Do you get groin pain while cycling? It’s most likely related to your adductors. Let’s have a look at some of the muscles involved and their contribution to the pedal stroke. We’re be using the Gait2392 OpenSim model for the images.
Muscles That Can Cause Groin Pain
The muscles of most interest to us are the following (from highest attachment point to lowest): pectineus, adductor brevis, adductor longus, adductor magnus, gracilis. Only one of these muscles attaches below the knee (gracilis) and the rest attach to the pelvis and femur only. The pectineus is small in total muscle mass, as are the adductor brevis and adductor longus. The two adductors of most interest are the adductor magnus, the second largest muscle in the body, and the gracilis, which has special characteristics because it attaches below the knee.
Adductor Contribution to the Pedal Stroke
Here are a few diagrams of the motion of these muscles:
These diagrams are from the top of the pedal stroke, around to the top again, so the middle is 6 o’clock on the pedal stroke. It’s evident that there is an insignificant change in fiber length of the adductor brevis/longus and pectineus, but the adductor magnus changes in length significantly. The adductor magnus is represented as three different lines of action because the muscle stretches so far along the femur. The above diagram shows the middle line of action. The diagram appears to show significant recruitment of the adductor magnus relative to other adductors, indicating this may be the fatigued and sore muscle when groin pain occurs during or after cycling.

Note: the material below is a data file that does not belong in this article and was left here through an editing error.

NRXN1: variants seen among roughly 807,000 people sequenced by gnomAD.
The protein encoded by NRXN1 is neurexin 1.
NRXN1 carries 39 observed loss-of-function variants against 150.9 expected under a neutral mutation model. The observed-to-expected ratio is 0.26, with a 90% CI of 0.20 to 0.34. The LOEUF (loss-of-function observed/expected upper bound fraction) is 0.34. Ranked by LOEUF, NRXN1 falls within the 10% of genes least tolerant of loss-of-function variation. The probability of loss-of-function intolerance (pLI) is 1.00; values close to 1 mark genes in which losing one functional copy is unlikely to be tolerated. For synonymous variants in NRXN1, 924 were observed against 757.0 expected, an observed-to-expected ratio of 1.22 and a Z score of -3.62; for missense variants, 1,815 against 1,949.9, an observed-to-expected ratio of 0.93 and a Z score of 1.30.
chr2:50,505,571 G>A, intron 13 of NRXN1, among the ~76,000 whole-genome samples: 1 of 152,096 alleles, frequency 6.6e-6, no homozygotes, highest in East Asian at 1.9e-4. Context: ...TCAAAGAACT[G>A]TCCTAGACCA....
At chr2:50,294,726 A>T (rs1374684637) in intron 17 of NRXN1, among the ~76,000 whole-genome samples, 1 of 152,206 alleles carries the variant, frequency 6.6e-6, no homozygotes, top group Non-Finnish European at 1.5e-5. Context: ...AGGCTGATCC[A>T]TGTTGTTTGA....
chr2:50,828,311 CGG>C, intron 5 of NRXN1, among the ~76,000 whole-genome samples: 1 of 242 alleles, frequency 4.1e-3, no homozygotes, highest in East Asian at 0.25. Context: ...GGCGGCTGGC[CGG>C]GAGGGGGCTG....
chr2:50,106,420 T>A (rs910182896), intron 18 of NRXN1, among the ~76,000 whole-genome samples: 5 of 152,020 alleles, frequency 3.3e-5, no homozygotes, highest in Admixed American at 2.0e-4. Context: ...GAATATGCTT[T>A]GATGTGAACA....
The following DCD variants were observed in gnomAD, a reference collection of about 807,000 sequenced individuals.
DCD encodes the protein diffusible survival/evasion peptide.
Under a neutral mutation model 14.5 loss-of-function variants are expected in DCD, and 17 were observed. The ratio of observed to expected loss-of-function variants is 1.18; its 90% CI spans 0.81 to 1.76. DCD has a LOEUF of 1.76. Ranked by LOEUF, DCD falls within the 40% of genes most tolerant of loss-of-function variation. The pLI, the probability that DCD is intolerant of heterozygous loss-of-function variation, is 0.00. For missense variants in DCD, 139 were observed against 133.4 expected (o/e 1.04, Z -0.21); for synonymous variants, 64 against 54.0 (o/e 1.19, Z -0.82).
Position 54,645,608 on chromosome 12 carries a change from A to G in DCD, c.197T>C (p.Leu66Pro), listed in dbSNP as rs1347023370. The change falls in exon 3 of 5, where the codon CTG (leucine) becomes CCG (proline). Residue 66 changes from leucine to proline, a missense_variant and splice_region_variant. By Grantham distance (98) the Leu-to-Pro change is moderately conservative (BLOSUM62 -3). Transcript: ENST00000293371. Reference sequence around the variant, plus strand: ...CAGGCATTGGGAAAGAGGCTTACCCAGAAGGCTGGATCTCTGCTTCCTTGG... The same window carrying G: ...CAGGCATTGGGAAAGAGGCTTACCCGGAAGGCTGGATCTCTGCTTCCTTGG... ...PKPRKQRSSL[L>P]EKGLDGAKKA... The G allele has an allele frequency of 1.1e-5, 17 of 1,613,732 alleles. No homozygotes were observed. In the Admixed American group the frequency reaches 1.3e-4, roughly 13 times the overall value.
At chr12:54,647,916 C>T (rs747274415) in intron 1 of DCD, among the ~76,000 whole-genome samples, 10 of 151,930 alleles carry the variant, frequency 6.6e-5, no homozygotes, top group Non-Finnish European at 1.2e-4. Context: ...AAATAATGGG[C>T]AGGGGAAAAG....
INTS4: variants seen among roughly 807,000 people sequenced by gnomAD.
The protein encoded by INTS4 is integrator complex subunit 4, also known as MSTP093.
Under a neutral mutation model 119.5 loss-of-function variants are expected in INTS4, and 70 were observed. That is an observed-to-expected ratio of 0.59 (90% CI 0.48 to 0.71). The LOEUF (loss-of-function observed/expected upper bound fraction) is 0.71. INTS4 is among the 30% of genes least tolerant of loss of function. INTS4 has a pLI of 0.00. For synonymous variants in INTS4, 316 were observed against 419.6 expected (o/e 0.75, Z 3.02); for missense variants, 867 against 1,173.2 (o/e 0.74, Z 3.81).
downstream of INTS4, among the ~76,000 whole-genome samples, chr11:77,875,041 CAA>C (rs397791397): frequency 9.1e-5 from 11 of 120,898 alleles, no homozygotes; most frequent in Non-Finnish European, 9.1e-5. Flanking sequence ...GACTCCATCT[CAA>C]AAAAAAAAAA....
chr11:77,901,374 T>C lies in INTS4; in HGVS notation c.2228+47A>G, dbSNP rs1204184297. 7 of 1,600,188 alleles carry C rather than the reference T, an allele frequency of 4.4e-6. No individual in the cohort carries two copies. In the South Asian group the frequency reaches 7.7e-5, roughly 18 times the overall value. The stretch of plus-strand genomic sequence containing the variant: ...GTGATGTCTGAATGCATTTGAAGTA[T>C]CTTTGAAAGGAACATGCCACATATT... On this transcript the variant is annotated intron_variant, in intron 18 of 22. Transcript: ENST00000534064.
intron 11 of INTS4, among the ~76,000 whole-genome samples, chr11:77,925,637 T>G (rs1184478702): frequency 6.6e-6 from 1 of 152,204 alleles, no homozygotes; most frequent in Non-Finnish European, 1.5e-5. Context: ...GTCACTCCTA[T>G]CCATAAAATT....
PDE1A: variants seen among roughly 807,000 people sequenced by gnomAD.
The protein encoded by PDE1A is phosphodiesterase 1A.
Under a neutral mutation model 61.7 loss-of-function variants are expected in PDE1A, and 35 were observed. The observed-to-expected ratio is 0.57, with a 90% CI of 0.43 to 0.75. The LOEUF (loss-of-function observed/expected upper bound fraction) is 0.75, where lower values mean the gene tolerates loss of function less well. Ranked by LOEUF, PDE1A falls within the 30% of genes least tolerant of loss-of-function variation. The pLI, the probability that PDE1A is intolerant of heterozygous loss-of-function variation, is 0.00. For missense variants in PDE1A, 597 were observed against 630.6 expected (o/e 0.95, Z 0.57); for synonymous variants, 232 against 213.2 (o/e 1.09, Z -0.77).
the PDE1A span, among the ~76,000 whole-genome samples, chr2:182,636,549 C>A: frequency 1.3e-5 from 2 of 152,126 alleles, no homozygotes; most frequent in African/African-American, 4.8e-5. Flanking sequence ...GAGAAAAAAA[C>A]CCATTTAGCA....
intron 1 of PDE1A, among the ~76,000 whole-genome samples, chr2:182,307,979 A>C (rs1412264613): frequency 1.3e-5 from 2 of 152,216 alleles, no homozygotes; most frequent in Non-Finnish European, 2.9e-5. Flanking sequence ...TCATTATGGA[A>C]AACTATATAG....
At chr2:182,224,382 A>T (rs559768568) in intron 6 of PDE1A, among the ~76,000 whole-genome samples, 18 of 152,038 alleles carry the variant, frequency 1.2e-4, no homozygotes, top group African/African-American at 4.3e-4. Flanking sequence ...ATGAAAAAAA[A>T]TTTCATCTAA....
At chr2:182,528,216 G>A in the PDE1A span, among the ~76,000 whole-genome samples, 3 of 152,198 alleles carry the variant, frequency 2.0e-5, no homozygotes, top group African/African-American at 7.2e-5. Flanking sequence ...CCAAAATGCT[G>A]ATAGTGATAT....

The main reason for the difference in recruitment of the adductor magnus is due to its origin in the pelvis. Look at how the adductor magnus attaches to the back side of the pelvis whereas the other adductors connect to the front. This posterior attachment allows the adductor magnus to be used in hip extension.
Gracilis Pain Causes
The gracilis is a unique adductor because it crosses the knee. It actually tends to act more like a hamstring than an adductor, especially during the pedal stroke. The diagram below shows the fiber length change of the gracilis (blue), semimembranosus (green, medial hamstring muscle), and the longest line of action of the adductor magnus (red) which does not cross the knee. See how the shape of the gracilis and semimembranosus are similar, with significant length change on the back side of the pedal stroke? The adductor magnus is largely a hip extensor during the pedal stroke whereas the gracilis is largely a knee flexor.
Gracilis pain is common for individuals with hamstring related issues. Although the gracilis is an adductor, its movement pattern is so similar to the hamstrings that it’s likely its function is the same in the pedal stroke. Pain in the gracilis could occur from underactive hamstrings shifting the fatigue to the more active gracilis. Hamstring stretches or activation could be a solution.
Probable Pain Causes
The adductor magnus and gracilis are the two muscles that contribute the most to the pedal stroke. If a rider has pain in their groin or in their adductors, these two muscles should be obvious candidates for further investigation.
The adductor magnus can act as a hip extensor, and it’s possible that riders with weak glutes may have excessive fatigue in their adductor magnus to compensate for the lack of force production. A good stretch for the adductor magnus is the ‘runner’s lunge stretch’ with the elbow placed on the ground inside the front foot. The butterfly stretch, which is the traditional stretch for the adductors, is also a good option of course.
The gracilis, as we noted, acts largely as a knee flexor, like the hamstrings. Stretching the gracilis is similar to stretching the hamstrings, but one should open their stretching leg outward (abduction) to further lengthen the gracilis and achieve a good stretch.
In conclusion, if you want to know why your inner thigh is sore or you have groin pain while cycling: well it could be any of these muscles, they are all activated during cycling. It may also be prudent to see if the your pain is actually hip flexor pain. If simple stretching and rest can’t solve the problem, then maybe it’s time to see a professional.
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